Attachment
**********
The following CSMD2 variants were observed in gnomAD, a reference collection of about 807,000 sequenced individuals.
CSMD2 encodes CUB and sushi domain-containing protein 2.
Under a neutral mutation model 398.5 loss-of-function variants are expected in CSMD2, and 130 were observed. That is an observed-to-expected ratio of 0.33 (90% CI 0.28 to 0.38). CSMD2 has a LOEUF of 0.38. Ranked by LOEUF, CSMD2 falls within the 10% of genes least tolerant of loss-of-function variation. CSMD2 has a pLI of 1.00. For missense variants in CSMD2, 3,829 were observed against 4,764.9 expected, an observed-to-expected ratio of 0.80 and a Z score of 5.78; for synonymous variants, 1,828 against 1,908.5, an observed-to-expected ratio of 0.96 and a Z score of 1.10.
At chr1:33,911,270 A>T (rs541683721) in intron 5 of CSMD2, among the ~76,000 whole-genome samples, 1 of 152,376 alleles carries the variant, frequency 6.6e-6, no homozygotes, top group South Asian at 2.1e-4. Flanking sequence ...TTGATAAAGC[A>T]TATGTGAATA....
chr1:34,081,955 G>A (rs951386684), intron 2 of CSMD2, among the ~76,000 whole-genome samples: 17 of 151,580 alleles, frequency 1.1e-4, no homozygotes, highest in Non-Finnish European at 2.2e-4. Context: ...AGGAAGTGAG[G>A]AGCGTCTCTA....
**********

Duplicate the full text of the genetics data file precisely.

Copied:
The following CSMD2 variants were observed in gnomAD, a reference collection of about 807,000 sequenced individuals.
CSMD2 encodes CUB and sushi domain-containing protein 2.
Under a neutral mutation model 398.5 loss-of-function variants are expected in CSMD2, and 130 were observed. That is an observed-to-expected ratio of 0.33 (90% CI 0.28 to 0.38). CSMD2 has a LOEUF of 0.38. Ranked by LOEUF, CSMD2 falls within the 10% of genes least tolerant of loss-of-function variation. CSMD2 has a pLI of 1.00. For missense variants in CSMD2, 3,829 were observed against 4,764.9 expected, an observed-to-expected ratio of 0.80 and a Z score of 5.78; for synonymous variants, 1,828 against 1,908.5, an observed-to-expected ratio of 0.96 and a Z score of 1.10.
At chr1:33,911,270 A>T (rs541683721) in intron 5 of CSMD2, among the ~76,000 whole-genome samples, 1 of 152,376 alleles carries the variant, frequency 6.6e-6, no homozygotes, top group South Asian at 2.1e-4. Flanking sequence ...TTGATAAAGC[A>T]TATGTGAATA....
chr1:34,081,955 G>A (rs951386684), intron 2 of CSMD2, among the ~76,000 whole-genome samples: 17 of 151,580 alleles, frequency 1.1e-4, no homozygotes, highest in Non-Finnish European at 2.2e-4. Context: ...AGGAAGTGAG[G>A]AGCGTCTCTA....